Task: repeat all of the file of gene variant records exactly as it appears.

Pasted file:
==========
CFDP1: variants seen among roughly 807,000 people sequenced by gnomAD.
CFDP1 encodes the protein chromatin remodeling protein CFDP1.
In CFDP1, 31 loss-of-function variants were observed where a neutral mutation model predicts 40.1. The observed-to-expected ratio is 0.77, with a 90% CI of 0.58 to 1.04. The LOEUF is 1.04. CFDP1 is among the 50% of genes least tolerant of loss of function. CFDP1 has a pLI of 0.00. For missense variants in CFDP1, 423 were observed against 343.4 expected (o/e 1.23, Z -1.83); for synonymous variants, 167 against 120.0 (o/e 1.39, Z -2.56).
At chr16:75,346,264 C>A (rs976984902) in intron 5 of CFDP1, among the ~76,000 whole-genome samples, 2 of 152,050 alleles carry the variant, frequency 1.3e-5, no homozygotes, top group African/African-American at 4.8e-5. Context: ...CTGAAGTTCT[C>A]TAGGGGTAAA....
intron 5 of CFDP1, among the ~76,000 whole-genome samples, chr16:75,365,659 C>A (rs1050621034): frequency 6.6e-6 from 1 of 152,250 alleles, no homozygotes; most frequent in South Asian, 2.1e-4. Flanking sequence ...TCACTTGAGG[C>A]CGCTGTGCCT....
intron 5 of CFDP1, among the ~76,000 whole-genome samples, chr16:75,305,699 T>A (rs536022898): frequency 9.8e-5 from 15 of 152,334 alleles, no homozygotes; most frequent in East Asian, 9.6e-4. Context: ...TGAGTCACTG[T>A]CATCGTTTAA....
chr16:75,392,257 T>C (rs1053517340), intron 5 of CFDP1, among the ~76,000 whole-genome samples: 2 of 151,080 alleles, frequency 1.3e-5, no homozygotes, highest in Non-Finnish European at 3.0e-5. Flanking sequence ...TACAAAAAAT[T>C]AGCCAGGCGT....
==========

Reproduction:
CFDP1: variants seen among roughly 807,000 people sequenced by gnomAD.
CFDP1 encodes the protein chromatin remodeling protein CFDP1.
In CFDP1, 31 loss-of-function variants were observed where a neutral mutation model predicts 40.1. The observed-to-expected ratio is 0.77, with a 90% CI of 0.58 to 1.04. The LOEUF is 1.04. CFDP1 is among the 50% of genes least tolerant of loss of function. CFDP1 has a pLI of 0.00. For missense variants in CFDP1, 423 were observed against 343.4 expected (o/e 1.23, Z -1.83); for synonymous variants, 167 against 120.0 (o/e 1.39, Z -2.56).
At chr16:75,346,264 C>A (rs976984902) in intron 5 of CFDP1, among the ~76,000 whole-genome samples, 2 of 152,050 alleles carry the variant, frequency 1.3e-5, no homozygotes, top group African/African-American at 4.8e-5. Context: ...CTGAAGTTCT[C>A]TAGGGGTAAA....
intron 5 of CFDP1, among the ~76,000 whole-genome samples, chr16:75,365,659 C>A (rs1050621034): frequency 6.6e-6 from 1 of 152,250 alleles, no homozygotes; most frequent in South Asian, 2.1e-4. Flanking sequence ...TCACTTGAGG[C>A]CGCTGTGCCT....
intron 5 of CFDP1, among the ~76,000 whole-genome samples, chr16:75,305,699 T>A (rs536022898): frequency 9.8e-5 from 15 of 152,334 alleles, no homozygotes; most frequent in East Asian, 9.6e-4. Context: ...TGAGTCACTG[T>A]CATCGTTTAA....
chr16:75,392,257 T>C (rs1053517340), intron 5 of CFDP1, among the ~76,000 whole-genome samples: 2 of 151,080 alleles, frequency 1.3e-5, no homozygotes, highest in Non-Finnish European at 3.0e-5. Flanking sequence ...TACAAAAAAT[T>C]AGCCAGGCGT....